He is a man of unscrupulous variety. Early in his career he smashed windows with a slingshot to drum up business for his languishing glass company. Later, on a far grander scale, he gulled scores of Americans into putting up more than $1 million in application fees on the promise of Arab-backed loans. Such escapades pale, however, when compared to Mel Weinberg’s performance after he went to work for the U.S. government. In 1978 he bargained his way out of a three-year prison term for fraud and conspiracy and became an FBI front. Over a 19-month period Weinberg gave away hundreds of thousands of dollars in payoffs to politicians anxious to do favors for a phony Arab (played by an FBI agent). Operation Abscam was concocted by Weinberg and named after one of his bogus companies, Abdul Enterprises. So far the Abscam investigation has resulted in 19 indictments and 12 convictions, including those of four congressmen. Many of the cases are under appeal and two convictions have been overturned.
Weinberg, 56, has been compensated by more than just his freedom. His personal take from Abscam includes $130,000 in FBI salary (he paid no taxes in 1978 or 1979, claiming the FBI agreed to take care of that) and a $45,000 book advance. He also owns a $77,000 condo in Florida, a 22-foot boat and two 1981 cars, one a Cadillac. His wardrobe features a stash of $500 suits, diamond rings for each pinkie, four gold neck chains and a gold bracelet engraved with his name. True to his calling, Weinberg denies he is anything near rich. “I don’t have a pot to piss in,” he complained in an exclusive interview with Greg Walter of PEOPLE.
Abscam has given the public a rare glimpse of a master con artist’s bottomless gall. On the FBI payoff videotapes, a prospective mark complained that another dupe was an unreliable alcoholic. “Give him a drink,” snapped Weinberg impatiently. On the witness stand, Weinberg denied he had bilked an uncle out of $50,000. “It was a cousin,” he protested. His victims are unamused by his Runyonesque style. “Mel Weinberg makes J.R. Ewing look like Peter Pan,” says ex-Watergate prosecutor Richard Ben-Veniste, defense counsel for convicted lawyer Howard Criden. “Weinberg would do anything.”
Mel almost agrees. Growing up in the Bronx, he watched his father’s glass business struggle through the Depression and decided to supplement the family income by stealing. “I was always a poor student, but I was a streetwise tough guy,” he says. He served in the Navy during World War II, then, when the glass business went bankrupt, borrowed from organized crime to revive it. “I got in with a couple of insurance companies,” he recalls. “I was paying them kickbacks and they’d tell me which customers they had and I’d go out and break their windows at night. I built my company from one truck to five.” Even after he became a Middle East con specialist with a global reputation, Weinberg always had time to think small. When his father died several years ago, Mel chiseled a perpetual-care marker off an uncle’s grave and transferred it to his father’s new tombstone.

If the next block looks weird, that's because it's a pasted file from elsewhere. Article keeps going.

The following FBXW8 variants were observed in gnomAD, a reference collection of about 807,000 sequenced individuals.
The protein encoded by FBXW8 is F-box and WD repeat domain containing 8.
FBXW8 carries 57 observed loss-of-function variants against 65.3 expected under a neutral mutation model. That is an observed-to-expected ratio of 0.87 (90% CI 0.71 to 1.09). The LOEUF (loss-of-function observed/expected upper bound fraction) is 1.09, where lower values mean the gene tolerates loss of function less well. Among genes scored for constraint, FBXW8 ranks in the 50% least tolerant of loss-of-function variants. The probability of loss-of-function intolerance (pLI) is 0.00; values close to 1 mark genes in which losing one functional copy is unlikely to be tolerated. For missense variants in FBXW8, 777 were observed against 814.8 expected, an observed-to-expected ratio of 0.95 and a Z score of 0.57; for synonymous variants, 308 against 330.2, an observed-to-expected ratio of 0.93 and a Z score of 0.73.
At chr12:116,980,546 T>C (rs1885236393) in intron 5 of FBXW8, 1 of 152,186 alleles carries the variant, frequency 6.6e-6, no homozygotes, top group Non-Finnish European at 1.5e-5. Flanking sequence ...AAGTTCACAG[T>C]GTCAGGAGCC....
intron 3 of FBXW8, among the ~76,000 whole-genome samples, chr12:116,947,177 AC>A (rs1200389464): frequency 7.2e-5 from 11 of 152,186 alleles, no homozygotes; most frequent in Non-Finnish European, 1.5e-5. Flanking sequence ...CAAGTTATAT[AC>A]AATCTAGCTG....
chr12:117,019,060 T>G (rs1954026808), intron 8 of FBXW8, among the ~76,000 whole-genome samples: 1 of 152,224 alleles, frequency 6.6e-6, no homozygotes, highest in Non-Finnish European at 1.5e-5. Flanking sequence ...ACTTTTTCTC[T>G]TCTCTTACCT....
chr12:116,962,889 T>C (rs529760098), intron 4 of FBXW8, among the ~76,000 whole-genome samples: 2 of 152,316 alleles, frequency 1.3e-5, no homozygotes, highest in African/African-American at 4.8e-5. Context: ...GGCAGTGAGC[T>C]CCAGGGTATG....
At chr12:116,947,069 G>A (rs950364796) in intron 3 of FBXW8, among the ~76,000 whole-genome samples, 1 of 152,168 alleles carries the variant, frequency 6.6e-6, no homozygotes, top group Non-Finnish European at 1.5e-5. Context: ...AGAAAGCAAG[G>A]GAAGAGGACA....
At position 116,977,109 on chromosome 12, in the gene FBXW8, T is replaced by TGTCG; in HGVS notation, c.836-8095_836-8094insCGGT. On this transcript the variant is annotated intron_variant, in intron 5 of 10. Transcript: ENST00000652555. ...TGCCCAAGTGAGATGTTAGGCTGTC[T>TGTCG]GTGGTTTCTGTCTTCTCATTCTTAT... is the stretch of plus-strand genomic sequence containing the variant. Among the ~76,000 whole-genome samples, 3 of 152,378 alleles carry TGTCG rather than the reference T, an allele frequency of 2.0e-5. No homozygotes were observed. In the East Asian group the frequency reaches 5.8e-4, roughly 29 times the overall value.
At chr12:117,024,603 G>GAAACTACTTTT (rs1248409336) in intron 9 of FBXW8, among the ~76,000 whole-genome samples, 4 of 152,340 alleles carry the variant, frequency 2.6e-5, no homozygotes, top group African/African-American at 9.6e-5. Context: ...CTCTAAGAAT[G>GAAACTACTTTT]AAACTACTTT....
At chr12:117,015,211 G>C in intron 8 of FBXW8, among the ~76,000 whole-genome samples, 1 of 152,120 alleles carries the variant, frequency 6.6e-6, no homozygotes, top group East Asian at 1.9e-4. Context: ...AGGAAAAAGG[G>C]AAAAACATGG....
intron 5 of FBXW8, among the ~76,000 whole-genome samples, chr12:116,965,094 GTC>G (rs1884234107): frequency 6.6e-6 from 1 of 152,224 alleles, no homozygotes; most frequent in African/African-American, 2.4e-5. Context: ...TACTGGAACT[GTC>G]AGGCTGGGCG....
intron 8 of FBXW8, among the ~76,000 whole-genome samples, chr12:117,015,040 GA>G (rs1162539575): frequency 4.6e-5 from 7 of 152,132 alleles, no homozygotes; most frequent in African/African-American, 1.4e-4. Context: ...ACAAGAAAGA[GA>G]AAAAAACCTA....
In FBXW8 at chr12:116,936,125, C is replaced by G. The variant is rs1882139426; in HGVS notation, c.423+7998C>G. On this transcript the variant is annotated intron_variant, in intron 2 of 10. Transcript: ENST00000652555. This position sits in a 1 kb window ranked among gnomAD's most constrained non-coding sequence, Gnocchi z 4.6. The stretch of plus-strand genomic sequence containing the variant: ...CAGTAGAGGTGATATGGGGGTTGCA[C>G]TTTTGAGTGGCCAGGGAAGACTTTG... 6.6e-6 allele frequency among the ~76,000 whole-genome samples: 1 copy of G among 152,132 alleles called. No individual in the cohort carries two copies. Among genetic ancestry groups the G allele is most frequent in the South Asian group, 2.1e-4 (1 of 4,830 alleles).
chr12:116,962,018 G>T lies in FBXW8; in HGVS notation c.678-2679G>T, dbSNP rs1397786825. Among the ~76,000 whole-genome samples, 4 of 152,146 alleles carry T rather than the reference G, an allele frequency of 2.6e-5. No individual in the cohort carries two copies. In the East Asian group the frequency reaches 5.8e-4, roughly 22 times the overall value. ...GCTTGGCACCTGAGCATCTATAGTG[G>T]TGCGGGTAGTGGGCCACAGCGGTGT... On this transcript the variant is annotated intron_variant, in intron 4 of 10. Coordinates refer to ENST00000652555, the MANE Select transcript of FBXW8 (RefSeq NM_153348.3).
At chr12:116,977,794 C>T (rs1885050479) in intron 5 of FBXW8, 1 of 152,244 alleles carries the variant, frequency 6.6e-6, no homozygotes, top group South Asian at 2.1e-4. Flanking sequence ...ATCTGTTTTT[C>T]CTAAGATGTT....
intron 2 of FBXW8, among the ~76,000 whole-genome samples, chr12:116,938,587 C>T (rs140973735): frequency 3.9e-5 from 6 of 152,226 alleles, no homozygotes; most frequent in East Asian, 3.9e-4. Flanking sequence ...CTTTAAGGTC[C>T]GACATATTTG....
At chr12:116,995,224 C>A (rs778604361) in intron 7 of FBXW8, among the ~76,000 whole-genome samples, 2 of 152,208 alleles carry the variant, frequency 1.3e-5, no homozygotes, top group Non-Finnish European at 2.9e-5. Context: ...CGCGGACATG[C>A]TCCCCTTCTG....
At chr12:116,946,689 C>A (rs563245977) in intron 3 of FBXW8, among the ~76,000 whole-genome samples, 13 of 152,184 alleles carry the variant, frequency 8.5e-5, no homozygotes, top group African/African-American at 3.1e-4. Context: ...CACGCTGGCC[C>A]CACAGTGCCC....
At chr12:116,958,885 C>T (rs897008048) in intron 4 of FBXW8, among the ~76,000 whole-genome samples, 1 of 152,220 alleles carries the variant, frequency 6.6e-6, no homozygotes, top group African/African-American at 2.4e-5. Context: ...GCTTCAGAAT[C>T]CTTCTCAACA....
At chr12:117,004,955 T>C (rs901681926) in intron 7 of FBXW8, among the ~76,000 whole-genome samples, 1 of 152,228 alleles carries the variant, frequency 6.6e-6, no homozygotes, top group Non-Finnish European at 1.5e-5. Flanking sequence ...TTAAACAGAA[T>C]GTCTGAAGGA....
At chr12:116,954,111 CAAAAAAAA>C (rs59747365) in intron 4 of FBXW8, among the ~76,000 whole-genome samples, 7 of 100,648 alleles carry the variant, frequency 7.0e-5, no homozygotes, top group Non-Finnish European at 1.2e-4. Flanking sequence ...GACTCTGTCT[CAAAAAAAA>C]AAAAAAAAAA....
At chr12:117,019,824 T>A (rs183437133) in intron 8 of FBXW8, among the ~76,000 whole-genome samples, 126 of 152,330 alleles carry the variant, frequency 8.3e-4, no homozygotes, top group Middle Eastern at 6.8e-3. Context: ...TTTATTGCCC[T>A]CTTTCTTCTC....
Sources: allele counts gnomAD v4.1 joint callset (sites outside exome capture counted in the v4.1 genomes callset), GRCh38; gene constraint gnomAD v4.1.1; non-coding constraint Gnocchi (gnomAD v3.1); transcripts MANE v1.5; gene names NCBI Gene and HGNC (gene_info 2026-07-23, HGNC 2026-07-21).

Along the way, Weinberg was divorced by his first wife, who had borne him three children. He remarried in 1963 and adopted a boy, now 15, whom, ironically, he calls J.R. (for Junior). His new family lived for years in relative anonymity in Central Islip, Long Island. “I’m a loner,” Weinberg explains. “A con man’s got a lonely life because you can’t bother with your neighbors. They’ll start asking questions.”
Well they might. During much of that period Weinberg lived nearby with another woman, a British-born domestic named Evelyn Knight (“I liked the tension of having two women”). He began passing her off as Lady Evelyn, one of the world’s 10 richest women. When the two of them were arrested in Pittsburgh in 1977 on charges of fraud and conspiracy, he took the rap—because he loved her, he says. That’s when the FBI saved him. Today Weinberg lives with Knight, 38, in a Florida condominium only 30 miles from the one he bought for his family. She calls herself Evelyn Weinberg.
A man of flexible standards otherwise, Weinberg draws the line when he feels his privacy threatened. “Don’t ever knock my family,” he warns. “Anybody hurts my family hurts me, and I don’t take it from nobody.” He speaks warmly of his secret East Coast Florida lair. “Every con man always has a place to hang his hat and hide, where nobody knows who he is,” he says. “Because if you think you’re never gonna get into trouble, you’re only kidding yourself.” Weinberg admits he has been suckered himself, once when he bought phony gold stock from members of a Mexican Indian tribe. He simply resold the stock to another patsy. “I have a philosophy,” he says. “If a guy f______s me, I don’t cry. I just f______ somebody else.”